• This essay by Mark A. Cohen discusses disruption in the legal industry. Among his observations: “Law has become a three-legged stool supported by legal, technological and business expertise. To date, no single provider has successfully integrated the three ingredients on a scalable basis. But the evidence suggests that’s about to change.” He says change won’t occur overnight, but “The Lawyer Levee is About to Break.”

 

 

  • From Artificial Lawyer: “Canadian legal AI company, Diligen, has won BN Lawyers, the Macau law firm, as a client for its machine learning and NLP technology. At the same time, the Toronto-based AI team has also launched a new API that is aimed at widening the use cases for its automated review technology. Interestingly, the BN Lawyers firm said that one of the key drivers for adopting AI technology was a lack of trained lawyers in the Special Administrative Region of Macau to handle process tasks.”

 

  • From Accountancy Daily: “KPMG is to expand its global alliance with software development platform provider Appian in a push to create artificial intelligence (AI) services which improve business decision-making and compliance. The relationship will see KPMG combine its existing ‘Ignite’ portfolio of AI services, which includes methods and tools, with the speed, features, and intelligent automation (IA) capabilities of Appian’s low-code platform.”

 

  • What’s AI worth? According to a study by Gartner, “Artificial intelligence will be worth $1.2 trillion to the enterprise in 2018.” Translation: a LOT!

 

 

 

  • From Artificial Lawyer: Thomson Reuters is again turning to AI tools, now with a contract remediation system to help companies review and repaper legal agreements ahead of Brexit. In this case it will be using AI company Logical Construct, which leverages a combination of natural language processing (NLP) and machine learning techniques to achieve its extraction results.

 

  • From Patent Docs: FDA Permits Marketing of First AI-based Medical Device; Signals Fast Track Approach to Artificial Intelligence.

 

  • SINGAPORE (Reuters) – In the not too distant future, surveillance cameras sitting atop over 100,000 lampposts in Singapore could help authorities pick out and recognize faces in crowds across the island-state. Some top officials in Singapore played down the privacy concerns. Prime Minister Lee Hsien Loong said last week that the Smart Nation project was aimed at improving people’s lives and that he did not want it done in a way “which is overbearing, which is intrusive, which is unethical”.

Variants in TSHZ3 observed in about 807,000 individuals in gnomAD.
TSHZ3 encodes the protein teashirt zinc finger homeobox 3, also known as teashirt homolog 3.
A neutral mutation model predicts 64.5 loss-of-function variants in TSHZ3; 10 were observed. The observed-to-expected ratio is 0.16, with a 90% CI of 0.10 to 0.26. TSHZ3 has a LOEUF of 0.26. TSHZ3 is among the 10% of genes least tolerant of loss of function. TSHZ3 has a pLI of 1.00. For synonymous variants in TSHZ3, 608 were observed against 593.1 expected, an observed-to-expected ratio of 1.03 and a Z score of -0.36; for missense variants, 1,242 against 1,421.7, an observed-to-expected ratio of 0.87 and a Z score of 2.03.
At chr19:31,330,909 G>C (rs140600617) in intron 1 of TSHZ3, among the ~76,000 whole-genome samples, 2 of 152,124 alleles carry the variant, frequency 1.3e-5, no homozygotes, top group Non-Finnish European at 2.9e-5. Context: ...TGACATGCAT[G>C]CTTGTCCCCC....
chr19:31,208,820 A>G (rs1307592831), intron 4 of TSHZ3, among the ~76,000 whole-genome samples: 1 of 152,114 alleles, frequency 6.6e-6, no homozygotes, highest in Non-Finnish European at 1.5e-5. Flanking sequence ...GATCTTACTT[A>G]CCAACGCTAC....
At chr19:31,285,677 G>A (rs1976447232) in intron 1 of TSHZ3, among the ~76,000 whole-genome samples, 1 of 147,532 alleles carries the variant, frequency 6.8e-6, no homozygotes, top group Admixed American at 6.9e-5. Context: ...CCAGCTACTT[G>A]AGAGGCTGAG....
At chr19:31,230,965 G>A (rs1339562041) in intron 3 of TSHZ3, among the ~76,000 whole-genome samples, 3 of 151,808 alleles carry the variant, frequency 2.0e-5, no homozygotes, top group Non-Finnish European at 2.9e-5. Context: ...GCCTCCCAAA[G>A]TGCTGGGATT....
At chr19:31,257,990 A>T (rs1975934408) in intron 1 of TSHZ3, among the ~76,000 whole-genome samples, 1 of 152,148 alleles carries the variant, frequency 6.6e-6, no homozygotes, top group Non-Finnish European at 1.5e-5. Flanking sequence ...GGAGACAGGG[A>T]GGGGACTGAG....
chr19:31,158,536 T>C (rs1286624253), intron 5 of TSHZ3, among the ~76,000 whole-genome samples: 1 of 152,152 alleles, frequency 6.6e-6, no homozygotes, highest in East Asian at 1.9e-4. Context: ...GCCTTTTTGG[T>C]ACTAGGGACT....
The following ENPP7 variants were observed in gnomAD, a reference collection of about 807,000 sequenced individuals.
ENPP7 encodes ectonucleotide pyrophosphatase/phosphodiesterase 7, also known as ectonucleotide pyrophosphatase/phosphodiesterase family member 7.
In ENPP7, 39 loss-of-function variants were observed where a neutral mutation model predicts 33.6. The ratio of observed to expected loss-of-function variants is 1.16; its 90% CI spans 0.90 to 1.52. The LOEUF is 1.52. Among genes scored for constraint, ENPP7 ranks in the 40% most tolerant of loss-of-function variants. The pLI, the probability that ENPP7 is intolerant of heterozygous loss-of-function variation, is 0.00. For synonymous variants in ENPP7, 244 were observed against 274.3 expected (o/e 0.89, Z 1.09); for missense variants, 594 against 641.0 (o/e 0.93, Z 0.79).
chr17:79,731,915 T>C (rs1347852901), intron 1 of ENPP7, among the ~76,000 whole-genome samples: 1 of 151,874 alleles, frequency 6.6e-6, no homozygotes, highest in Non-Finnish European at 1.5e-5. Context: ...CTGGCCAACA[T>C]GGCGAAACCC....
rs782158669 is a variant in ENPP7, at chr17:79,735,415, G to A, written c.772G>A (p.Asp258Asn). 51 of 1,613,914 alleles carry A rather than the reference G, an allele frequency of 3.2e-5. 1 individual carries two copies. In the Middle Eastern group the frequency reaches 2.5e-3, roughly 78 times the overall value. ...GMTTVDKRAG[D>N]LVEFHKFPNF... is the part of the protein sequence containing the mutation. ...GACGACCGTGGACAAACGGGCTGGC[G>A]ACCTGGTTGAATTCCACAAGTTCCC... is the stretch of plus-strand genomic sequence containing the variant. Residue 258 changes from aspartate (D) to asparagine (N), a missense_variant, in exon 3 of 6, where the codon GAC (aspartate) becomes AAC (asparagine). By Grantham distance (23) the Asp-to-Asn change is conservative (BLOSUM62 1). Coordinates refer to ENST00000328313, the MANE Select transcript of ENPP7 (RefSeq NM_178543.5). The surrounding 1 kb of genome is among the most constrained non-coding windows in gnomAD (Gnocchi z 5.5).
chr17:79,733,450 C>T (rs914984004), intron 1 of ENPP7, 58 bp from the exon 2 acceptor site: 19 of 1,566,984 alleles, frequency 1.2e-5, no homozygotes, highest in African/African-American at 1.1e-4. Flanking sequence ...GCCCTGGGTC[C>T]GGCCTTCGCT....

• Google and AI Ethics: “After it emerged last month that Google was working with the Defense Department on a project for analyzing drone footage using “artificial intelligence” techniques, Google’s employees were not happy.” “(M)ore than 3,000 of the employees signed a letter to CEO Sundar Pichai, demanding that the company scrap the deal.” “Google Cloud chief Diane Greene … told employees Google was ‘drafting a set of ethical principles to guide the company’s use of its technology and products.’” “…Greene promised Google wouldn’t sign up for any further work on ‘Maven’ or similar projects without having such principles in place, and she was sorry the Maven contract had been signed without these internal guidelines having been formulated.”

 

  • House of Representatives Hearing: GAME CHANGERS: ARTIFICIAL INTELLIGENCE PART III, ARTIFICIAL INTELLIGENCE AND PUBLIC POLICY, Subcommittee on Information Technology, APRIL 18, 2018 2:00 PM, 2154 RAYBURN HOB.
  • In so many ways, technology is outpacing regulation, but this week’s questioning of Mark Zuckerberg has many wondering whether the US Congress is capable of intelligently crafting such regulations. They just don’t seem to understand. Also from those hearings, “Mark Zuckerberg said today (April 10) in his testimony before the US Congress that he could see AI taking a primary role in automatically detecting hate speech on Facebook in five to 10 years.”

 

  • From Norton RoseAI is your new document drafter. “Document automation will ultimately save time and costs for clients, allowing the attorneys to focus on more intricate tasks. Document automation is, however, more effective with high-volume, low-complexity documents as there are few efficiency gains where a user is required to complete a detailed 20 page questionnaire to generate a single, complex document. In these cases, it may still be better for the lawyer to draft the document from an existing precedent with old-fashioned drafting notes.”

 

  • From Shearman & Sterling: “Shearman & Sterling publishes its sixth annual Antitrust Annual Report today.” “The EC has been very vocal about its concerns regarding the use of algorithms and artificial intelligence to engage in anti-competitive practices. The report explores possible scenarios and how an investigation would be approached.”

 

  • This sounds like an interesting new product: “Lawyers store their clauses in a multitude of places—email, local folders, old agreements. Clause Companion™ is a clause library that allows for easy storage, retrieval, and distribution of content, from within Microsoft Word and the documents they’re working on.”

 

  • From Artificial Lawyer: “India-based CaseMine, … has now moved forward with a beta version of an English case law analytics system, which ‘enhances traditional legal research to move beyond mere keywords and retrieve relevant results using entire passages and briefs’, driven by the company’s NLP tech.”

 

  • “The Asser Institute in The Hague in collaboration with a number of partners will launch its first Winter Academy on Artificial Intelligence and International Law early 2019. Expert academic speakers will be offering perspectives on primarily legal but also ethical and technical aspects.” Details here.

 

  • Similar to using cameras for ‘sentiment analysis’, “Fidgetology™ rapidly quantifies body language – to assess mental health, or to estimate enjoyment of ads or other media. Brain Power developed Fidgetology in collaboration with Amazon Web Services using the company’s newest cloud-based artificial intelligence (AI), machine learning (ML), and computer visions tools….” Story here.